Sponsored By

9 Tech Companies As Ben & Jerry's Flavors

Get ready for Amazon Rainforest Crunch and IBM Big Blueberry Bonanza.

Thomas Claburn

October 15, 2014

4 Min Read

offered discoverability to websites, and made the price -- privacy -- seem inconsequential. Oh, and (much to the dismay of Oracle) it co-opted Java to create Android, the most popular operating system in the world.

Googly-Eyed Caffeinated Crunch
A curious combination of Java-style coffee ice cream, strands of cotton candy, chocolate bits, marshmallow clouds, cashews or hazelnuts, and sugar contact lenses -- for extra crunch. You're guaranteed to like some of it, some of the time, and we'll know it when you do.

IBM, like its peers in the enterprise market, has struggled as cloud computing has taken off. It sold its Intel server business to Lenovo and has been buying its way into cloud services with acquisitions like SoftLayer. Its recent deal with Apple could help it gain a seat at the table in the mobile, cloudy new world order, if its enterprise mobile apps and associated services turn out to meet actual business needs.

Big Blueberry Bonanza
Handcrafted premium blueberry ice cream swirled with Vanilla Denial, By Apple, in a charming legacy wooden container. Ice cream installation support available upon request. Price list requires nondisclosure agreement.

Microsoft has been trying to get back in the mobile market after former CEO Steve Ballmer woke up to find the world had changed. New CEO Satya Nadella has set about trying to turn the Microsoft aircraft carrier and appears to be making unspectacular progress. His recent observation that women should trust in karma for salary increases didn't help convince anyone that Microsoft is operating in the same millenium as its competition.

Softserve Slurry
Our hinged wafers and half-baked gaffes, suspended in heat-stressed Neapolitan ice cream from a few years ago, satisfy millions. That's our story, and we're sticking to it. For best results, ask for a salary freeze to improve consistency. Ice cream buyers may be entitled to receive a discount on our Office software and Windows operating system. Call for pricing.

Oracle has been criticized for failing to get the cloud -- something the company heartily denies. Known for its aggressiveness, it remains an enterprise powerhouse, despite some problematic contracts recently, like Oregon's failed heathcare exchange website. The company recalls an aging pugilist, but every so often it lands a punch, as it did with TomorrowNow and its Android appeal.

Pythian Clotted Cloud
Made of premium "unbreakable" meringue, Pythian Clotted Cloud looks white and fluffy, but it's something else entirely. We're not quite sure what's in it, but you may recognize the distinct taste of Java. It's rock-solid, expensive, and very filling. Also available with a maintenance contract to keep your fillings intact.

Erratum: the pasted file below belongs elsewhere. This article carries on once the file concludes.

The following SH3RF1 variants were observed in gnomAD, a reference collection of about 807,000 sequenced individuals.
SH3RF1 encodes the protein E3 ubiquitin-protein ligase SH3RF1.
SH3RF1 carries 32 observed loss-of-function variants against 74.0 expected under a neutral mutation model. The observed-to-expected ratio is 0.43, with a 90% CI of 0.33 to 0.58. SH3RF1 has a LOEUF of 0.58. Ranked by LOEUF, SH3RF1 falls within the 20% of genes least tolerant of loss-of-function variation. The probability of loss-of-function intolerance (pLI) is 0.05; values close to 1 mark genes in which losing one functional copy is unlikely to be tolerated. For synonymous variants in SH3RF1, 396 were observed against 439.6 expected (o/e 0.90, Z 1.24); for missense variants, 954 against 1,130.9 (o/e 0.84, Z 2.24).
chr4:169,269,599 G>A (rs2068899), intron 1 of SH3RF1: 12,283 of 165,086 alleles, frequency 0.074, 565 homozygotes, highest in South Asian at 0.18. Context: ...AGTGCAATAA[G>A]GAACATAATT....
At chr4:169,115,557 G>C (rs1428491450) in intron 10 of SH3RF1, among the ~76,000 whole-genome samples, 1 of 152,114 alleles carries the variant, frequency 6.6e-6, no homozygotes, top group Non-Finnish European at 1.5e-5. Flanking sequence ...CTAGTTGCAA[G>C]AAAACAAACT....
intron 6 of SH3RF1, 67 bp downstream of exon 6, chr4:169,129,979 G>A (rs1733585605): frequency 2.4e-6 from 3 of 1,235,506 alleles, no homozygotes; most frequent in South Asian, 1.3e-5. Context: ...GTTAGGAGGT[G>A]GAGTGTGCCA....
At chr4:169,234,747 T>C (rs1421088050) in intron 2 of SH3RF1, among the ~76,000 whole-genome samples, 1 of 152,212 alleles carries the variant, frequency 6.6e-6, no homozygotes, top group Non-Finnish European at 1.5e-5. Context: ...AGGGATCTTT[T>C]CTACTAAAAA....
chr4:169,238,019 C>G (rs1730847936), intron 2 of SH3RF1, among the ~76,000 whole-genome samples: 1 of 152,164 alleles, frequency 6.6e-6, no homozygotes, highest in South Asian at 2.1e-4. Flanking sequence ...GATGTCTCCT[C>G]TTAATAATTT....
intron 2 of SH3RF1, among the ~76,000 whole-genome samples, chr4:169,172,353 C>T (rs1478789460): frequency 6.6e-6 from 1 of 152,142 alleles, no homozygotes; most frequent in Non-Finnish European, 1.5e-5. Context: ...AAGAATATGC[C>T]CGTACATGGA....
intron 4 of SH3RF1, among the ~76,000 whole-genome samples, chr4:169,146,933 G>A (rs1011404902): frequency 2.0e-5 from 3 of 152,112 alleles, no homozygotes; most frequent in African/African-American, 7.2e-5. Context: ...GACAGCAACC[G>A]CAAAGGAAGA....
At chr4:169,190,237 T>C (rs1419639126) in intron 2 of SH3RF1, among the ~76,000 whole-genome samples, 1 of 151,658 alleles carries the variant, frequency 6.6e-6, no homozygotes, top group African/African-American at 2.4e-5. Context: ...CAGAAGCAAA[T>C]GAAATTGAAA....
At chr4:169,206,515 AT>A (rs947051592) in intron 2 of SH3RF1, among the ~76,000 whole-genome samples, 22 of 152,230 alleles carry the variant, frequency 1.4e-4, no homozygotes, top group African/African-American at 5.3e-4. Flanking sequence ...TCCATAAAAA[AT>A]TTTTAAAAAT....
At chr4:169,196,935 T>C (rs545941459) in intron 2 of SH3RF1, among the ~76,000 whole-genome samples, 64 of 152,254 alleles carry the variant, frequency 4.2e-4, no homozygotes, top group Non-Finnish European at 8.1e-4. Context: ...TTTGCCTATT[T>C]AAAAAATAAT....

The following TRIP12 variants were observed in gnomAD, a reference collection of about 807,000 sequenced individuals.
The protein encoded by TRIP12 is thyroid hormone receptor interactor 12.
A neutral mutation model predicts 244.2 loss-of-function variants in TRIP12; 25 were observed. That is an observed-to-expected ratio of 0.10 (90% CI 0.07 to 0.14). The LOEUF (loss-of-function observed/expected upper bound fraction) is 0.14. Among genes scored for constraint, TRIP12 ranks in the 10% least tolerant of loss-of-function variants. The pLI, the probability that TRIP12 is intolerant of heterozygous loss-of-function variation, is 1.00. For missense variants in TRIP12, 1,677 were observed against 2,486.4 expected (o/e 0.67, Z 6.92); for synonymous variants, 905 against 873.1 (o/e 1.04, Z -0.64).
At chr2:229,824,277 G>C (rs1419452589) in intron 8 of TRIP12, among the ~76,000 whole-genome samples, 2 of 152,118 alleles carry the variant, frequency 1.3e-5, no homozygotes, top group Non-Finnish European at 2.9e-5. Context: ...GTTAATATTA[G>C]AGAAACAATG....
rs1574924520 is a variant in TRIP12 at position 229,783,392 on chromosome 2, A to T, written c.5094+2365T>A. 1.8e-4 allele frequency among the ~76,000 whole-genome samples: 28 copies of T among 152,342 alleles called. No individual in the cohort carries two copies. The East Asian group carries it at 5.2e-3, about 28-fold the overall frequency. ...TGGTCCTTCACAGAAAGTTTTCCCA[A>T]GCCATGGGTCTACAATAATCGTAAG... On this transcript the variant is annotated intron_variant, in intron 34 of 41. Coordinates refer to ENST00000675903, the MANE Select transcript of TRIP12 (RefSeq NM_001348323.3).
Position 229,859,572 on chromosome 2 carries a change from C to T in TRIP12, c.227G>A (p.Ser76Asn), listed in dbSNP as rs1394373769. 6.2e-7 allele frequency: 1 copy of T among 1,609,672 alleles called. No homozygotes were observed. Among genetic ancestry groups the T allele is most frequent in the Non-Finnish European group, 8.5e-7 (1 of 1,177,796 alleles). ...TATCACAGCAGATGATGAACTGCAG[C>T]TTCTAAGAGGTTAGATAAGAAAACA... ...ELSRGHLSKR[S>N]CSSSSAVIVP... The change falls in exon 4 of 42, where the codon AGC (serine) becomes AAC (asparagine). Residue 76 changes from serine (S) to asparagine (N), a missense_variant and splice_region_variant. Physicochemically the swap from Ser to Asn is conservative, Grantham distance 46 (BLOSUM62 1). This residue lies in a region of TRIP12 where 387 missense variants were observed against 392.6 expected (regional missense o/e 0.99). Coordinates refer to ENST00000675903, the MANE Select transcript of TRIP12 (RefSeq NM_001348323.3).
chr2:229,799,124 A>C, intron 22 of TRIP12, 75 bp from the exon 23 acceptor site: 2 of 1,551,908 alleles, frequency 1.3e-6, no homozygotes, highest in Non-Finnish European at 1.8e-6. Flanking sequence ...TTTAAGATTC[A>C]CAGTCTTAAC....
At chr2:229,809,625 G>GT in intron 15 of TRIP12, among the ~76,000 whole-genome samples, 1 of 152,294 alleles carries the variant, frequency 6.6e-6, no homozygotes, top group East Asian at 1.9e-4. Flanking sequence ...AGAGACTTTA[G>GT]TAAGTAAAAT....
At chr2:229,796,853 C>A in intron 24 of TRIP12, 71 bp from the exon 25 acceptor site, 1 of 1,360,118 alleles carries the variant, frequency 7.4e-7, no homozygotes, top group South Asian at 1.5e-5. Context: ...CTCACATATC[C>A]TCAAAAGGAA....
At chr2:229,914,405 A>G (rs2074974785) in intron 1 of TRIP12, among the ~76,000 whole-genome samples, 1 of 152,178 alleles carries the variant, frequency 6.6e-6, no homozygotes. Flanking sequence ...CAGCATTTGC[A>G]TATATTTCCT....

Samsung has spent years denying that it copied the iPhone, despite the findings in Apple's long-running litigation against the company. The two companies, weary of their mutual lawyer-enrichment programs, dropped their non-US patent cases against one another over the summer. There's a lot more to Samsung than smartphones, but that's what gets the most attention these days.

Korean Snapple Cream
Made from vanilla substitute and sweetened with Snapple and other stuff we found lying around, Samsung's delicious frozen concoction is both familiar and comforting. For a limited time, Samsung Dairy Products is offering a certificate for Tizen, whatever that is.

At least Yahoo is still here. After years of visionless leadership, the company found a competent manager in CEO Marissa Mayer. But apart from Flickr, Tumblr, and Yahoo Mail, it's not really clear what Yahoo offers beyond a tabloid-quality homepage. Yahoo hasn't generated a compelling product internally for years. Lately, the company has been coasting off the draft created by its investment in the Chinese e-commerce giant Alibaba.

Yahoo! Yoo-Hoo! Delight!
We take bland chocolatey ice cream -- less than 2% cocoa, guaranteed -- and swirl it with diluted marshmallow paste, celebrity-shaped crackers, exclamation points, and air bubbles for extra lightness. Yahoo! Yoo-Hoo! Delight! has almost no calories or substantive content, but it's full of emphasis.

We could go on, but brevity is kin to courtesy. So now it's your turn. Are there any companies that you'd like to see immortalized with a Ben & Jerry's flavor? Let us know.

Apply now for the 2015 InformationWeek Elite 100, which recognizes the most innovative users of technology to advance a company's business goals. Winners will be recognized at the InformationWeek Conference, April 27-28, 2015, at the Mandalay Bay in Las Vegas. Application period ends Jan. 9, 2015.

About the Author(s)

Thomas Claburn

Editor at Large, Enterprise Mobility

Thomas Claburn has been writing about business and technology since 1996, for publications such as New Architect, PC Computing, InformationWeek, Salon, Wired, and Ziff Davis Smart Business. Before that, he worked in film and television, having earned a not particularly useful master's degree in film production. He wrote the original treatment for 3DO's Killing Time, a short story that appeared in On Spec, and the screenplay for an independent film called The Hanged Man, which he would later direct. He's the author of a science fiction novel, Reflecting Fires, and a sadly neglected blog, Lot 49. His iPhone game, Blocfall, is available through the iTunes App Store. His wife is a talented jazz singer; he does not sing, which is for the best.

Never Miss a Beat: Get a snapshot of the issues affecting the IT industry straight to your inbox.

You May Also Like


More Insights